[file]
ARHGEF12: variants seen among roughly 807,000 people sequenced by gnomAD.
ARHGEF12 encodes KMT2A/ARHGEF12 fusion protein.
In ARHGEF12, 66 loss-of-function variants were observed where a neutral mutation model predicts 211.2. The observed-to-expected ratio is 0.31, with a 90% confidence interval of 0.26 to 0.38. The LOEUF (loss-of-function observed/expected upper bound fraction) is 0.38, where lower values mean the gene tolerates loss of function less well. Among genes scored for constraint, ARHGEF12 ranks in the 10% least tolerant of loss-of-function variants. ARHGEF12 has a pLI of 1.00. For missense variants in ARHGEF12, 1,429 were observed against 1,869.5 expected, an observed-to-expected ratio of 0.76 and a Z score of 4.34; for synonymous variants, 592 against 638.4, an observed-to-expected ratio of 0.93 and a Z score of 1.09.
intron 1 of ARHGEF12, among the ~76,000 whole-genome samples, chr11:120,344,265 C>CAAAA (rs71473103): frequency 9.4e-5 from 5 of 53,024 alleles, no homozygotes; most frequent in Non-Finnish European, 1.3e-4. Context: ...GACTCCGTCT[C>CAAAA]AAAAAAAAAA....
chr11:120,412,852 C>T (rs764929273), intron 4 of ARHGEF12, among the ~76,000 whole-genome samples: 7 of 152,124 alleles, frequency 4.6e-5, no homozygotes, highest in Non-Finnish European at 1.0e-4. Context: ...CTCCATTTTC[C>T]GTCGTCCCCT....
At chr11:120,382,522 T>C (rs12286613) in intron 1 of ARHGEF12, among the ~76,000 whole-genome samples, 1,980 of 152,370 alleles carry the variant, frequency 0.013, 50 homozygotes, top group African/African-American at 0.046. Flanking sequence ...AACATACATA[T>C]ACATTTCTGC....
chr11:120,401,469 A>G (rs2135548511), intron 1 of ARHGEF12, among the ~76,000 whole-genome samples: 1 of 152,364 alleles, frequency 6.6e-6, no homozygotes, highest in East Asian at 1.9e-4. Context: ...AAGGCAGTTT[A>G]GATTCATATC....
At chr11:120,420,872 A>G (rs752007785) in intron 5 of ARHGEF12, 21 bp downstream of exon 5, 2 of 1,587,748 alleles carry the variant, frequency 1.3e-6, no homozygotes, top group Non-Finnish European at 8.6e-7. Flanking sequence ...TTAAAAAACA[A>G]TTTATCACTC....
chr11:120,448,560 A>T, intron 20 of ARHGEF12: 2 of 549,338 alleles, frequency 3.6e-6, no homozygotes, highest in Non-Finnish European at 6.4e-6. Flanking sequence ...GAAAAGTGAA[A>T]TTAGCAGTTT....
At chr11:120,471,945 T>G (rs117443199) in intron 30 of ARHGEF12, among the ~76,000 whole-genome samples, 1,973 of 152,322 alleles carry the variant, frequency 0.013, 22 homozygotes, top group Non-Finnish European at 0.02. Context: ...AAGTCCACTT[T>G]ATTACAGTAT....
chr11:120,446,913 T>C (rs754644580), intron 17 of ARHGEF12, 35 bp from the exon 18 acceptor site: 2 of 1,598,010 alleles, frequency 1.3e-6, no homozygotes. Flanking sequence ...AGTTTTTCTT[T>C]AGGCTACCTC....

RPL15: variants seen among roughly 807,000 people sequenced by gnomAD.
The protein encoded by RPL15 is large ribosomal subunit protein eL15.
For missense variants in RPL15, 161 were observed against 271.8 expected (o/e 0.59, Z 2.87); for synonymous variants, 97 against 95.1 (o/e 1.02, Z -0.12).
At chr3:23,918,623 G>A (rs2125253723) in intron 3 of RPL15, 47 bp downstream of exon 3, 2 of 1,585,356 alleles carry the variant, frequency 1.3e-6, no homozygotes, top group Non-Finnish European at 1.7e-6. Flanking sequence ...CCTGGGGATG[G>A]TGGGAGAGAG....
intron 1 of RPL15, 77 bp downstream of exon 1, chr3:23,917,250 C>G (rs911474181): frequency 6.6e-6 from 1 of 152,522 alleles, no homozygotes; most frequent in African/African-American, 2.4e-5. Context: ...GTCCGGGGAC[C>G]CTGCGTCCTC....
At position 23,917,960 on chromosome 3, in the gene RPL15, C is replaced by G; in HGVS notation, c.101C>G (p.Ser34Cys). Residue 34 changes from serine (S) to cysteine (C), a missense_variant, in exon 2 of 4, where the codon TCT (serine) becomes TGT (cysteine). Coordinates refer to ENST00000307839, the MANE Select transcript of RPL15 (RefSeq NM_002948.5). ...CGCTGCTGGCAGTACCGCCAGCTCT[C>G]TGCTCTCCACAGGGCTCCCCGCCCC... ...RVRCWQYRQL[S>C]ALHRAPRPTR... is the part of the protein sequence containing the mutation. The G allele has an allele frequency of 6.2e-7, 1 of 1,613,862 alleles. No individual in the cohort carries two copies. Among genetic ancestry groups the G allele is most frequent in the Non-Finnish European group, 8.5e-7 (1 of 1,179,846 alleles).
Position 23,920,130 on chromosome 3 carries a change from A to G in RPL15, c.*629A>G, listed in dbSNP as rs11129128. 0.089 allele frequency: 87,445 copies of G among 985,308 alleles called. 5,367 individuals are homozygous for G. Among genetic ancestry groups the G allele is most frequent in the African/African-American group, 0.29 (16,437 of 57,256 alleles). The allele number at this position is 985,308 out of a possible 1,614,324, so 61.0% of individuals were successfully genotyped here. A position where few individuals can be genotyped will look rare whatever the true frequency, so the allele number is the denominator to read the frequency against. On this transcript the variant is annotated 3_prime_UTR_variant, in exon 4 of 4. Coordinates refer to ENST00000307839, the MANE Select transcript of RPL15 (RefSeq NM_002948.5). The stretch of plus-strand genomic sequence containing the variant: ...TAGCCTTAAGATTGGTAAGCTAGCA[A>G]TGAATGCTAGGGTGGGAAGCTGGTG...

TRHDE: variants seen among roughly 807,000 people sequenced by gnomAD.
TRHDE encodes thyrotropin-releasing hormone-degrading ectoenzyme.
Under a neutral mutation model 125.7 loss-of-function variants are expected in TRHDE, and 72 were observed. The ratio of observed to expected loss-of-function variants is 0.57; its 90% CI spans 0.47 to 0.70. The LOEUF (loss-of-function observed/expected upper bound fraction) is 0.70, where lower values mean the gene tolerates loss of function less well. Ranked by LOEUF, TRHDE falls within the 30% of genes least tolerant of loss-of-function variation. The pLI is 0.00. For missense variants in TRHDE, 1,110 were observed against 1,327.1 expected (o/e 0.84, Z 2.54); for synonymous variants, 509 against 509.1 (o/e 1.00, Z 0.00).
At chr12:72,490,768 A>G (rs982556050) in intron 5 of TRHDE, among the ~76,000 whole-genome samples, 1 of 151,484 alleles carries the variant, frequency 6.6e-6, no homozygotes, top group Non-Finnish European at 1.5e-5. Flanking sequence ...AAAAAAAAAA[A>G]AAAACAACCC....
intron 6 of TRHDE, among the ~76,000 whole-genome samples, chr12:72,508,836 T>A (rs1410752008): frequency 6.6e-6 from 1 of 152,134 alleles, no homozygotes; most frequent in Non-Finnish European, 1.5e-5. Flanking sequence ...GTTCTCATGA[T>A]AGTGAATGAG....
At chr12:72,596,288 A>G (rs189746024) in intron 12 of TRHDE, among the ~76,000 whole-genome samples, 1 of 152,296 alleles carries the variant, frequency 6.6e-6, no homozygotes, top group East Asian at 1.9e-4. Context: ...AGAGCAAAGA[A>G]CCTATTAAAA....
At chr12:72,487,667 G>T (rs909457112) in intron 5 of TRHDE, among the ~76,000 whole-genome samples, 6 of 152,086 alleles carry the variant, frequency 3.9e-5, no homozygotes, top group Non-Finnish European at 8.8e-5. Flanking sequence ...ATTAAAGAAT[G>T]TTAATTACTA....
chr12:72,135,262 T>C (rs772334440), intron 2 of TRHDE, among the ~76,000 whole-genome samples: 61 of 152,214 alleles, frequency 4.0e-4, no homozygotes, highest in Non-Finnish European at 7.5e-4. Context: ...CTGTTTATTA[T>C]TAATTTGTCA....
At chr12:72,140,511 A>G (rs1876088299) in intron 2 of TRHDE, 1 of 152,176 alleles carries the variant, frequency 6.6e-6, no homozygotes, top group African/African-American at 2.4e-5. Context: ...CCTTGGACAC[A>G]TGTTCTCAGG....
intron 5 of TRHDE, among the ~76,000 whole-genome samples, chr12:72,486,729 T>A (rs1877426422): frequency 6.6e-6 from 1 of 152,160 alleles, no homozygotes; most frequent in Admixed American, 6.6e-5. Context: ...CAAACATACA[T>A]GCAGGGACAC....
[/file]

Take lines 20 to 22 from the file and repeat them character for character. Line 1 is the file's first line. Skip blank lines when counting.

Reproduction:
TRHDE encodes thyrotropin-releasing hormone-degrading ectoenzyme.
Under a neutral mutation model 125.7 loss-of-function variants are expected in TRHDE, and 72 were observed. The ratio of observed to expected loss-of-function variants is 0.57; its 90% CI spans 0.47 to 0.70. The LOEUF (loss-of-function observed/expected upper bound fraction) is 0.70, where lower values mean the gene tolerates loss of function less well. Ranked by LOEUF, TRHDE falls within the 30% of genes least tolerant of loss-of-function variation. The pLI is 0.00. For missense variants in TRHDE, 1,110 were observed against 1,327.1 expected (o/e 0.84, Z 2.54); for synonymous variants, 509 against 509.1 (o/e 1.00, Z 0.00).
At chr12:72,490,768 A>G (rs982556050) in intron 5 of TRHDE, among the ~76,000 whole-genome samples, 1 of 151,484 alleles carries the variant, frequency 6.6e-6, no homozygotes, top group Non-Finnish European at 1.5e-5. Flanking sequence ...AAAAAAAAAA[A>G]AAAACAACCC....